At 7.40 am on 2nd May 2012 a Greenpeace activist flew over the Bugey power station on a yellow paraglider. But this time, it's something different! Photo: Greenpeace video / Youtube. With unidentified drones regularly overflying French nuclear power plants, Daniel Salisbury and Christopher Hobbs warn that despite the dismissive responses of nuclear operators, they have cause for concern: the drones may be unable to cause serious damage in themselves, but they compromise site security and open the way to future attacks. more...

New technologies can help poor farmers - just not the ones you're thinking of

Tony Juniper

18th November 2014

Digital Green records a discussion on best agronomic practice with an Ethiopian farmer for dissemination among his peers. Photo: Digital Green. Modern technology has a lot to offer small farmers in poor countries, writes Tony Juniper - just not the GMOs and pesticides that are widely touted. But how about film, digital communications and smart phones? These new media can empower farmers and allow them to share knowledge and experience of how to produce more, from less. more...

Civil society speaks: only a just world can prevent catastrophic climate change

Maruška Mileta

13th November 2014

Group photo of delegates to the Isla Margarita Social Pre-COP. Photo: via facebook.com/socialprecop. A gathering of civil society and social movements in Venezuela concluded last week with a strong demand for climate justice, writes Maruška Mileta. Rich countries must stop passing off their 'false solutions' - from nuclear power to geoengineering - and pay the costs of a rapid transition to low-carbon world that brings renewable energy to all. more...

Plenty more fish in the sea? Not if we follow healthy eating guidelines

Ruth H. Thurstan & Callum Roberts

6th November 2014

Fish exploding from the ocean off the North Carolina coast - but global fish stocks are doing no such thing. Photo: Jared Cherup via Flickr. Until demand for fish is balanced with sustainable methods of production, write Ruth Thurstan & Callum Roberts, governments should consider the social and environmental implications of promoting greater fish consumption. Worldwide, wild fish supplies per person have been declining ever since 1970. more...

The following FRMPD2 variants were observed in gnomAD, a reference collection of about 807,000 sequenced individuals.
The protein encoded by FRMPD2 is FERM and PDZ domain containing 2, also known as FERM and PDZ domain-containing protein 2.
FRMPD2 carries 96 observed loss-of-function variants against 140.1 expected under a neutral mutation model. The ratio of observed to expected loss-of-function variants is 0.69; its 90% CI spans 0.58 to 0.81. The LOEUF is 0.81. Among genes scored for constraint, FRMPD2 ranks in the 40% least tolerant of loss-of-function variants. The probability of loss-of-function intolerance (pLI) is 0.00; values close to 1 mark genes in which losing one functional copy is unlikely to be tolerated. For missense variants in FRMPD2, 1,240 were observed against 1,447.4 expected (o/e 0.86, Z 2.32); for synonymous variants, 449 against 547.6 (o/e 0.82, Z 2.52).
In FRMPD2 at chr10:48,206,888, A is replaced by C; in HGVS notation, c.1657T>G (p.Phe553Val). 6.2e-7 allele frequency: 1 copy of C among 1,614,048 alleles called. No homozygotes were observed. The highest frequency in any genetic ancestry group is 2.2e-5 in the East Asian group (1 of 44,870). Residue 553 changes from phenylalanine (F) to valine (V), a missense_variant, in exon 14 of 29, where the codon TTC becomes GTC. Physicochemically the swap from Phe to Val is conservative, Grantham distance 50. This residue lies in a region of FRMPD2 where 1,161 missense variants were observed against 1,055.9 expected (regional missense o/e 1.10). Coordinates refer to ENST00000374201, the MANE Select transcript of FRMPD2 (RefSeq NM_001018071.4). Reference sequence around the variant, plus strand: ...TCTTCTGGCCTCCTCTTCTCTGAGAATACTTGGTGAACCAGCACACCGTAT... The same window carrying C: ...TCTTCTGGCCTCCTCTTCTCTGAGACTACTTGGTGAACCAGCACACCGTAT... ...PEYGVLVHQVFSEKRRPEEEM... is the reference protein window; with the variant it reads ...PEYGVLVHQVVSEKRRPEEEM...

The circularity of Life

Jane Cull

4th November 2014

The Circularity of Life by Jane Cull  - front cover illustration. We must accept the reality that human beings, nature and cosmos are interconnected in a vast circular system, writes Jane Cull. To sustain ourselves on this planet, we must sustain the web of life of which we are part, and construct another kind of world that based on that understanding. more...

'Unconstructable' Hinkley C could end UK's nuclear dream

Chris Goodall

30th October 2014

Hinkley C is 'unconstructable', says a distinguished nuclear engineer - 'like building a cathedral within a cathedral'. Artist's impression of the completed nuclear power station by EDF. Opponents of nuclear power hold up the planned Hinkley C as an examplar of waste and idiocy that could cost the UK over £30 billion in subsidies. Chris Goodall agrees - and fears that an impending fiasco with the 'unconstructable' and commercially disastrous EPR design may kill off the UK's nuclear aspirations for a generation. more...

Amaranth revival - Mexican farmers rediscover an ancient superfood

Anna Bruce

25th October 2014

Amaranth amongst the the corn plants. It is traditional in Oaxaca, to grow crops in the same field. This is called the ‘milpa system'. Photo: Anna Bruce. Mexico's conquistadors outlawed amaranth - a highly nutritious seed farmed by the indigenous peoples for millennia - due to its use in religious rituals. But it's now being hailed as a 'superfood', writes Anna Bruce, and a growing number of Mexican campesinos are once again cultivating the 'noble plant' among their corn, squash and beans. more...

London's 'Tarpaulin Revolution' lives another day

Donnachadh McCarthy

20th October 2014